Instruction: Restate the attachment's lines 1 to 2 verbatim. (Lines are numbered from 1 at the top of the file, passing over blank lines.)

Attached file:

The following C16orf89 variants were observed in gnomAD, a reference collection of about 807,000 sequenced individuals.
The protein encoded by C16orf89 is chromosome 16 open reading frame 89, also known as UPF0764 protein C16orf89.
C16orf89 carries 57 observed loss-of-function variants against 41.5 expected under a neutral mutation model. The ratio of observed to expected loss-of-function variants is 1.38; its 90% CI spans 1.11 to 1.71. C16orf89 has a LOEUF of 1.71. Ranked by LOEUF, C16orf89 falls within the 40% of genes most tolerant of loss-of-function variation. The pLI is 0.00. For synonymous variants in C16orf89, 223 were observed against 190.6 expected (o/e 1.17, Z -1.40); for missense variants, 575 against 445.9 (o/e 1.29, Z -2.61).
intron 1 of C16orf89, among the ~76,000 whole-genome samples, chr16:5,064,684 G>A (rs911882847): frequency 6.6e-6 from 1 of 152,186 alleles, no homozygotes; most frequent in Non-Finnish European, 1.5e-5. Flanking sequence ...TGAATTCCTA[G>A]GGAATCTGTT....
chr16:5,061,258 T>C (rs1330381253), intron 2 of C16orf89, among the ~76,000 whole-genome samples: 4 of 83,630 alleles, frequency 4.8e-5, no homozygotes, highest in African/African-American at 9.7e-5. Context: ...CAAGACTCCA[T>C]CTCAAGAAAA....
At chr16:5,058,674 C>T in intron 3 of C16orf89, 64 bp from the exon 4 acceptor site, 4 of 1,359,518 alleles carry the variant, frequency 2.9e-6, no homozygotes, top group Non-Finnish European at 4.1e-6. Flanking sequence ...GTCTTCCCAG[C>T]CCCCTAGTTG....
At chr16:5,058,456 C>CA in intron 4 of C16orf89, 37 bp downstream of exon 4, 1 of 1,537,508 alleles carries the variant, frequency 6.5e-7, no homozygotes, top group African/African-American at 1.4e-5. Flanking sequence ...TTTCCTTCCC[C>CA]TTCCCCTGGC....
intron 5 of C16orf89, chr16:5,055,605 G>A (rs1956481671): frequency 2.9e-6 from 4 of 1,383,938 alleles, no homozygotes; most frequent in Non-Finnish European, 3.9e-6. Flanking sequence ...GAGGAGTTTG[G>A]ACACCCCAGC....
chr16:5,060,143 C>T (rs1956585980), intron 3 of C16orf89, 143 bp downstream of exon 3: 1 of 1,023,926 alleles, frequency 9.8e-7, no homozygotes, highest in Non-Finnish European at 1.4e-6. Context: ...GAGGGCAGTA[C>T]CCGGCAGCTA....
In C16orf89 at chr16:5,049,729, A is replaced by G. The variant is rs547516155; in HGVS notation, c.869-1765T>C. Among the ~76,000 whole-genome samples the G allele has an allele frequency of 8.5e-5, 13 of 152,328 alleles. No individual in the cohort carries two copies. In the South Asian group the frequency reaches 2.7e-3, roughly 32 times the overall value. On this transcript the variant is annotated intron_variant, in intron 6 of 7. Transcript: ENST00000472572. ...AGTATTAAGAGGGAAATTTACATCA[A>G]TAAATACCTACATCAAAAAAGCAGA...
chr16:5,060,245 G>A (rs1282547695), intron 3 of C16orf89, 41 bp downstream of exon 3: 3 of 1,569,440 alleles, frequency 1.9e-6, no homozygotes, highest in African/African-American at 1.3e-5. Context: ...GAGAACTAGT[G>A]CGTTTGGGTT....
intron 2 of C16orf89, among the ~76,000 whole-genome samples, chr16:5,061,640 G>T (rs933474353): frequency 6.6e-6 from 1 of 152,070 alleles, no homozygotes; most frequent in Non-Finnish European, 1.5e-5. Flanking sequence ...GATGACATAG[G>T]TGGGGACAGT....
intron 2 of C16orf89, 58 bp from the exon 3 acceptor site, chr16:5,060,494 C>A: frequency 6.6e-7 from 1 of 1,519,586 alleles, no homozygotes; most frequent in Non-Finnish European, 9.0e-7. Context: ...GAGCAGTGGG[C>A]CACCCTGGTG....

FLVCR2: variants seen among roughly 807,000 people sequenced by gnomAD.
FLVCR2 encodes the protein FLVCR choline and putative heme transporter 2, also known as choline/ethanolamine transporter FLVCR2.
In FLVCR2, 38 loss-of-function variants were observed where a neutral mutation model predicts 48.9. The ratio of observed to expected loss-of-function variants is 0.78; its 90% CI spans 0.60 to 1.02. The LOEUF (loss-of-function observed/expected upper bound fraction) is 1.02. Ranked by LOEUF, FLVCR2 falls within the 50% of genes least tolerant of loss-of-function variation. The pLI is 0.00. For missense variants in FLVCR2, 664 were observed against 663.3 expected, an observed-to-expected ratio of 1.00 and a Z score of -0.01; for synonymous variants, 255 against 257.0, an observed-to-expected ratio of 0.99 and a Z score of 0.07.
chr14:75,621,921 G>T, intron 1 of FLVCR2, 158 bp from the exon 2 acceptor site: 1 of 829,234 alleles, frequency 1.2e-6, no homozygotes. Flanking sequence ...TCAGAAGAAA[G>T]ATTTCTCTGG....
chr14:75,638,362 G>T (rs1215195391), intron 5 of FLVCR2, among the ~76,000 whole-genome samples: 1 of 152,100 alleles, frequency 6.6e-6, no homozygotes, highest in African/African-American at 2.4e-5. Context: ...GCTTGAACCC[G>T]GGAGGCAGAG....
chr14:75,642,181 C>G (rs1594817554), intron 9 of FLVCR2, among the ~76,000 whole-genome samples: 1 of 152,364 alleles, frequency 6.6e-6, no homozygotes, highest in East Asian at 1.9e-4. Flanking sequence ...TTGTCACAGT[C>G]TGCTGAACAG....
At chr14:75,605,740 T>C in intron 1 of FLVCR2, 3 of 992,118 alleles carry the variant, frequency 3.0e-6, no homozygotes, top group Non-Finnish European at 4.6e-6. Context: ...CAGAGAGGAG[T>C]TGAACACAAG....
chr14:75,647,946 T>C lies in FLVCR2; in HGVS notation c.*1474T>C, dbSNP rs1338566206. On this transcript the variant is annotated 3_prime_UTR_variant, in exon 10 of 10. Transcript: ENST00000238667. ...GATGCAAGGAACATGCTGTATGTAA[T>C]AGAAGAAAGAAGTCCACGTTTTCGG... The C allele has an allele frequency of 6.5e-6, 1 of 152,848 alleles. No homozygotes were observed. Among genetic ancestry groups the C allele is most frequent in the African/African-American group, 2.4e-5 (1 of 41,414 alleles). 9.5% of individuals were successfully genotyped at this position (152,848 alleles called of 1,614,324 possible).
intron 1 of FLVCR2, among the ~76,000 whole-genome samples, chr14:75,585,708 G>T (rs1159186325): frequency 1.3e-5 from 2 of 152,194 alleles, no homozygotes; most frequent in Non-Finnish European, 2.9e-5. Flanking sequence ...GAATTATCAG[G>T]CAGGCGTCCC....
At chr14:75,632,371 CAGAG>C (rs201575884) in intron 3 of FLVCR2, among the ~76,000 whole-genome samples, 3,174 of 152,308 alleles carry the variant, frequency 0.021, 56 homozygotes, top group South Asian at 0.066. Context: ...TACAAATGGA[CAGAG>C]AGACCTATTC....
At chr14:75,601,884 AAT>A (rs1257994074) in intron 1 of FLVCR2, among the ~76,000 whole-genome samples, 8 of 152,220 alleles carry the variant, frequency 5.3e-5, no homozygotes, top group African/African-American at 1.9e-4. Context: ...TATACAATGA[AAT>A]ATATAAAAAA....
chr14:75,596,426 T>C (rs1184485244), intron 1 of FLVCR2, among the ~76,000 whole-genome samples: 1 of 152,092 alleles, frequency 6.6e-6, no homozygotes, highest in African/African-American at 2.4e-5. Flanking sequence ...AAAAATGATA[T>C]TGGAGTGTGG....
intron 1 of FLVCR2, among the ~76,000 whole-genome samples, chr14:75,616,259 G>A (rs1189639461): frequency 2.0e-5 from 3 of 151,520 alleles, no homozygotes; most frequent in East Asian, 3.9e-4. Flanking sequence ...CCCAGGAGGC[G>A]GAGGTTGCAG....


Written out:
The following C16orf89 variants were observed in gnomAD, a reference collection of about 807,000 sequenced individuals.
The protein encoded by C16orf89 is chromosome 16 open reading frame 89, also known as UPF0764 protein C16orf89.